This summer marks ten years since the London 2012 Olympic and Paralympic Games, and last week the National Audit Office (NAO) published a report Grassroots participation in sports and physical activity , and we were delighted to contribute to the research. The report highlights the perceived failure to deliver the promised legacy on sports participation, citing the decline in sports participation by adults in the three years immediately post Games and the Government’s waning interest since 2016.
Current research shows that 14.5m (28%) adults in the UK are classified as physically inactive, with an annual cost to the UK of £7.4bn and this figure has barely shifted in recent years. As Spirit of 2012 set out in our recent Step Change report this needs to be a national priority, not just for sports bodies but for everyone with an interest in the health of the nation.
Can the social legacy of major events like the London 2012 Games be effective in reducing inactivity?
One of the flaws with the legacy promise and the measurement of success was that it focused predominantly on people’s inspiration seeing world-class athletes being a catalyst for them to participate in Olympic, Paralympic and more traditional sports. The reality is that most of us are very far from elite athletes and unlikely to be inspired solely into mainstream sports offers.
We welcome the report’s acknowledgement that the biggest gains for the nation’s physical and mental health will be achieved by getting the least active – those further away from the Chief Medical Officer’s guidelines, and those with the greatest barriers to participation – active in a series of small steps and for the long term. To genuinely make the difference in getting people active, unattainable numeric targets don’t work. We know this needs to be delivered through sustained, deep investment to tackle the deeply-engrained barriers to being active. This is not a numbers game.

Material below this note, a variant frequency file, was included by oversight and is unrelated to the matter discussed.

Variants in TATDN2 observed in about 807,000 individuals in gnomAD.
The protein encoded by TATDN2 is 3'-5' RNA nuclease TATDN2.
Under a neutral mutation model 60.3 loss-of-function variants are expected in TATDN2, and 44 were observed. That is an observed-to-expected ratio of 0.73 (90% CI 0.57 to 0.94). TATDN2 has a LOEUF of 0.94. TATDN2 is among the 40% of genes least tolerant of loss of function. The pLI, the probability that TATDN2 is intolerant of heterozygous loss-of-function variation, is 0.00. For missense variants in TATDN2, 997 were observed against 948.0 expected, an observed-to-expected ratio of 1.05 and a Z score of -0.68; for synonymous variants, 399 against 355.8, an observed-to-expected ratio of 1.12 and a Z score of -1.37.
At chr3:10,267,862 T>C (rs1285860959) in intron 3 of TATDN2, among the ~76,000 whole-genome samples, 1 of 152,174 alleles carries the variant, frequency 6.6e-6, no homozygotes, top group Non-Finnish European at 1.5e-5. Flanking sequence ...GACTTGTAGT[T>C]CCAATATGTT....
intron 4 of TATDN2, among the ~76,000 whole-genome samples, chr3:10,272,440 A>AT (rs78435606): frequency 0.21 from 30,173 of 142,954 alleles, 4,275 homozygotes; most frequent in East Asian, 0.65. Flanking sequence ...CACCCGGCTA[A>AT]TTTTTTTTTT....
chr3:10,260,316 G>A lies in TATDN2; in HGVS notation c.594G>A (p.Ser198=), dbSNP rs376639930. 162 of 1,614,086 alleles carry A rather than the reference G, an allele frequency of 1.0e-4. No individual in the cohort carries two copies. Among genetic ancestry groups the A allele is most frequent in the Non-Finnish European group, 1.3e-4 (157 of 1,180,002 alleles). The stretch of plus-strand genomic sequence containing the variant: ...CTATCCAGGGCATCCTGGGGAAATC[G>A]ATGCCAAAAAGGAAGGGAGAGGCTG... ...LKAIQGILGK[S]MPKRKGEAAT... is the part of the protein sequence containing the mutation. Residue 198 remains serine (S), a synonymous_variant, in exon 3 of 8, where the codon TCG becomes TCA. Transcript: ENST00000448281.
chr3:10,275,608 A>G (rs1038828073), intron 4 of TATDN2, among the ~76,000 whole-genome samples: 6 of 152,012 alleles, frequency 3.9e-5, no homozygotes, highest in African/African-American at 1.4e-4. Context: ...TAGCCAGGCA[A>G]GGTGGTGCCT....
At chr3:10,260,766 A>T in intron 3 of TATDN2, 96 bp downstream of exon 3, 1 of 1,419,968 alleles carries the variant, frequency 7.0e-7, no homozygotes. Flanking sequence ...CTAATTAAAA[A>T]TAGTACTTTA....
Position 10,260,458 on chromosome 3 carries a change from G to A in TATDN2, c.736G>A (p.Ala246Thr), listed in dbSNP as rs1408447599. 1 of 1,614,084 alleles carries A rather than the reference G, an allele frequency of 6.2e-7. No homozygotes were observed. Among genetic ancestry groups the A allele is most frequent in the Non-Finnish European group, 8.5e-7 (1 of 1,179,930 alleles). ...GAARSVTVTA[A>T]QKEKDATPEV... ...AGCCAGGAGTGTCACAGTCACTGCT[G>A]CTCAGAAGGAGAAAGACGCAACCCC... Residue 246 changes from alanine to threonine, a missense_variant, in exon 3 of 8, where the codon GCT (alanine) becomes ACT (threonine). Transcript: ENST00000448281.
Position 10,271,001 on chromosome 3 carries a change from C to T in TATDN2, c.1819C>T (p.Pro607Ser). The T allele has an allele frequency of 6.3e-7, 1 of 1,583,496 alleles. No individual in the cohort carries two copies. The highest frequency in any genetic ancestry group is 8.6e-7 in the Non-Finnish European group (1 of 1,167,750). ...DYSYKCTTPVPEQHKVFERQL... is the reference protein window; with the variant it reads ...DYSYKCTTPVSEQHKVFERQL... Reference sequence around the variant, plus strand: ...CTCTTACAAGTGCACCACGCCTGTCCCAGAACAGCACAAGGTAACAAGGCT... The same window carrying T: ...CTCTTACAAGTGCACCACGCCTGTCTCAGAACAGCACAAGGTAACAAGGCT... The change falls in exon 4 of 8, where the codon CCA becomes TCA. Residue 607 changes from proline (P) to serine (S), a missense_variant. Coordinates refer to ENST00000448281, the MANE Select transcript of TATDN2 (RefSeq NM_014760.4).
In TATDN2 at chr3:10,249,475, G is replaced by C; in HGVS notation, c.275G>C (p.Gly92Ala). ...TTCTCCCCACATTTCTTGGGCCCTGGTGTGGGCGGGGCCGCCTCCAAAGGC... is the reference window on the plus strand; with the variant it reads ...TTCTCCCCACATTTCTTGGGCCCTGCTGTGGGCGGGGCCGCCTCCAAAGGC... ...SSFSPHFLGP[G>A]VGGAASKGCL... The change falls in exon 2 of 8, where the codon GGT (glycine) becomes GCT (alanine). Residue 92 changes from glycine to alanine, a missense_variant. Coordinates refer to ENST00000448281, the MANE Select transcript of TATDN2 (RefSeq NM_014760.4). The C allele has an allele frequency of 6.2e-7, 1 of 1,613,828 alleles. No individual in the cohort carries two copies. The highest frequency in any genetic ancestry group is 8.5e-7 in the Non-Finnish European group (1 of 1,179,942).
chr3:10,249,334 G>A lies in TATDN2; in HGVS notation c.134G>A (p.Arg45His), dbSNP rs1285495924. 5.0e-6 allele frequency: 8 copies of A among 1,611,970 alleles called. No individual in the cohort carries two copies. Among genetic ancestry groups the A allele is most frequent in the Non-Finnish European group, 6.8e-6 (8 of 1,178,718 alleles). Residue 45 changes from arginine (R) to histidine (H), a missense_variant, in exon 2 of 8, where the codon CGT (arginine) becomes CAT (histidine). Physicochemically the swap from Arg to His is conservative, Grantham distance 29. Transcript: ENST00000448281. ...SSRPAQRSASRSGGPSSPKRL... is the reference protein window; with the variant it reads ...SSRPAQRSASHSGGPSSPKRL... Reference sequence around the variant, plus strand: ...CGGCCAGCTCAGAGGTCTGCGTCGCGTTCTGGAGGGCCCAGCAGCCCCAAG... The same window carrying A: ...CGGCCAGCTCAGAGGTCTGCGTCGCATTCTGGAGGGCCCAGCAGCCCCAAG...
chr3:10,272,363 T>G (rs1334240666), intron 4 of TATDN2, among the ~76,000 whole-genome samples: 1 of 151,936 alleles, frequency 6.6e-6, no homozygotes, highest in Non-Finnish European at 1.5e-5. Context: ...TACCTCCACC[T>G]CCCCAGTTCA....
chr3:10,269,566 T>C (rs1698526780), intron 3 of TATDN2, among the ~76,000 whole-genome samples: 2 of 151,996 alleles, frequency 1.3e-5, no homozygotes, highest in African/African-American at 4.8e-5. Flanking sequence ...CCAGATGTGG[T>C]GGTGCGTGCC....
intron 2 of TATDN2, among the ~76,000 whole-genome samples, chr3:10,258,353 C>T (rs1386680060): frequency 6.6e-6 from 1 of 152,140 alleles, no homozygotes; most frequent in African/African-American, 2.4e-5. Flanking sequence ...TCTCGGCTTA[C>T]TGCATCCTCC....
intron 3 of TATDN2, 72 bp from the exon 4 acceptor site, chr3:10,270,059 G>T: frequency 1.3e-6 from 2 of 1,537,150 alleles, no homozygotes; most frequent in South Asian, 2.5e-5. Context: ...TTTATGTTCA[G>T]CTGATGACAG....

Spirit of 2012 was set up by the (then) Big Lottery Fund in 2013 to sustain what they saw as the ‘social legacy’ of the Games – the way all the events of that summer brought people together and increased people’s feelings of pride and positivity. That summer was short-lived but the Fund and Spirit’s founding Trustees believed it was possible to use events as a catalyst to sustain some of those social outcomes in the way that legacy programmes are planned and delivered around events.
We know that sport and physical activity can be a powerful mechanism for wider benefits of improved physical and mental health, reductions in loneliness, and feelings of connection to people and their communities. With our focus on sustaining the Paralympic legacy we also recognised that enabling disabled people to become active needed to be at the heart of our response.
Reaching inactive people: The GOGA approach
In 2015, post-Glasgow Commonwealth Games but pre-Rio, we set out to explore where Spirit’s investment might have an impact on getting people more physically active. We consulted with all the nation’s sports councils, disability sport organisations and public health bodies and it became clear was that there was no issue with supply − there was no need for us to pump money into creating more interventions – the issue was about supporting the very least active, and their families, to get and stay involved in all forms of physical activity. This meant designing ways to enable them to take ‘small steps’ to being more active with people in settings and in ways that felt familiar and comfortable to them, and understanding both that it takes time, and that the road to becoming active is not straight and can be quite bumpy!